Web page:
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Biomass carbon stocks and stock changes in managed hedgerows


Landscape features, such as hedgerows, can play a role in enhancing terrestrial carbon (C) sinks, especially in North-western Europe, where they form a large part of the agricultural landscape. To date, there are few studies relating aerial imagery to ground-truthed biomass measurements and relating changes in biomass to hedgerow management. This study sought to develop relationships between measured biomass of hedgerows and digital elevation model (DEM) data from drones and aircraft. Furthermore, changes in hedgerow above-ground and below-ground biomass stocks were assessed using a systematic grid sample, DEM data and developed volume-biomass regression models. The developed inventory framework was then applied to a pilot study area of 419,701 ha in Ireland. Robust relationships were developed relating DEM data to volume and above-ground biomass. Model equations were also developed linking above-ground and below-ground biomass. However, these were less robust due to the confounding impacts of hedgerow management intensity, hedgerow type and dominant species. Above-ground biomass density was linearly correlated with hedge volume. Wider, less intensively managed, irregular hedges exhibit a higher biomass stocks per km, when compared to regular, more intensively managed hedgerows. When the models were extrapolated to the county level, hedgerow biomass C pools for Co Wexford and Waterford are suggested to be a net emission of −0.3 tC ha−1 year−1 due to hedgerow removals and management. Flailing or coppicing of hedgerows, in particular irregular profile hedgerows, had the largest impact on the biomass C balance in the pilot study area. Re-introduction of traditional management practices such as layering and increasing the allowable hedgerow width in areas qualifying for farm payments could be considered with the aim of increasing the maximum sink potential of established hedgerows.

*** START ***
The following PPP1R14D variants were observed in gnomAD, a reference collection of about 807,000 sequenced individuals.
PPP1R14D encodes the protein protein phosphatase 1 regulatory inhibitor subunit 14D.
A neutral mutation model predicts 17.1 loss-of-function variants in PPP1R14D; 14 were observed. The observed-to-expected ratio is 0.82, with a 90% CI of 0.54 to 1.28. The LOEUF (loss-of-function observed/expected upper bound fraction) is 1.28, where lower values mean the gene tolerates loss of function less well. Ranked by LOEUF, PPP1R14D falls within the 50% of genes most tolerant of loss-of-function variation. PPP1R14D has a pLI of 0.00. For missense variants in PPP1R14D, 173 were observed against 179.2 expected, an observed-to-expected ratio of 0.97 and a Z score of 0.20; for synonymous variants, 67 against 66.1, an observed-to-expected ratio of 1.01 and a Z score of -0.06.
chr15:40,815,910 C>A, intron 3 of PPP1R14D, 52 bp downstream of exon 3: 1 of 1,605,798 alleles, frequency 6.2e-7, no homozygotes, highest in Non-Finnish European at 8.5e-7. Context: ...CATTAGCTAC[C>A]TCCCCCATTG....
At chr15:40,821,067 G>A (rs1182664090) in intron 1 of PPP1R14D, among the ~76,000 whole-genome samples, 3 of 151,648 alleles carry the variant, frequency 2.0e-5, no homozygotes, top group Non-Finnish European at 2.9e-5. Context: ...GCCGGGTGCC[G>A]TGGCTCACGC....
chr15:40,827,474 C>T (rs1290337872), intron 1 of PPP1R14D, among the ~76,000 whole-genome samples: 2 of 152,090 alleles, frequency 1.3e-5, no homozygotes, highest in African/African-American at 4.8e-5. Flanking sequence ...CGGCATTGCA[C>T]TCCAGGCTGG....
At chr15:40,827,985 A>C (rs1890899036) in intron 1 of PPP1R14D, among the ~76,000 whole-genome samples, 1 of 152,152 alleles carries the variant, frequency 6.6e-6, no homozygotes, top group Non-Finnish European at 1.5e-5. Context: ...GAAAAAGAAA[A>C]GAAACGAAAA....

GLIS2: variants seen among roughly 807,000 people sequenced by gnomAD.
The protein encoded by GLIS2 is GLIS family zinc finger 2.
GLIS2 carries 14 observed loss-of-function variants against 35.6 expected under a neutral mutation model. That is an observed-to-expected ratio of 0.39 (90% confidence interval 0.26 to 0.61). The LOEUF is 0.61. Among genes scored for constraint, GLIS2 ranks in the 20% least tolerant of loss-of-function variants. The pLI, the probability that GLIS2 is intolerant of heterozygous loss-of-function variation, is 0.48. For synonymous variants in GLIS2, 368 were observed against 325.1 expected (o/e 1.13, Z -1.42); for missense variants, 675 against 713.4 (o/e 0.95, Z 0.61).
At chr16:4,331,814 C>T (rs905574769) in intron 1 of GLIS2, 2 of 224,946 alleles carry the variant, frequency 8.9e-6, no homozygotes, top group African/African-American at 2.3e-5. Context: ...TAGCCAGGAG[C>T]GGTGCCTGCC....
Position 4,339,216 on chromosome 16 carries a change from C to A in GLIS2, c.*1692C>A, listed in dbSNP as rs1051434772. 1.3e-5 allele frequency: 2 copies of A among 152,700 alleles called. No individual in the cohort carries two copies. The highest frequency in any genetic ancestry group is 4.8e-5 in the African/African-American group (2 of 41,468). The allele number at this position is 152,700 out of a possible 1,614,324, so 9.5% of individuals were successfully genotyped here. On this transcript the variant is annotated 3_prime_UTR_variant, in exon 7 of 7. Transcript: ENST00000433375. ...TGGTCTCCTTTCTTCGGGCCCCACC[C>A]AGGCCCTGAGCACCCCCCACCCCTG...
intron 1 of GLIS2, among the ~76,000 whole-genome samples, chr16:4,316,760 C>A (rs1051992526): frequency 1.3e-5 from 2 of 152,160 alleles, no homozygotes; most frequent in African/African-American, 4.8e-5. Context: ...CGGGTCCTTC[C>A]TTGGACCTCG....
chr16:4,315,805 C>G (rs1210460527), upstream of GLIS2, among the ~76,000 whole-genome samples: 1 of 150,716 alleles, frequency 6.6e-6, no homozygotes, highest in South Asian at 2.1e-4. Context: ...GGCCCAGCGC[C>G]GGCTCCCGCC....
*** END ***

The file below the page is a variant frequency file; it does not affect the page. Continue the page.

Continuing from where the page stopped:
Author(s): Black, K., Lanigan, G., Ward, M., Kavanagh, I., O'hUallachain, D. O. & O 'Sullivan, L.

Journal: Science of the Total Environment

Year: 2023


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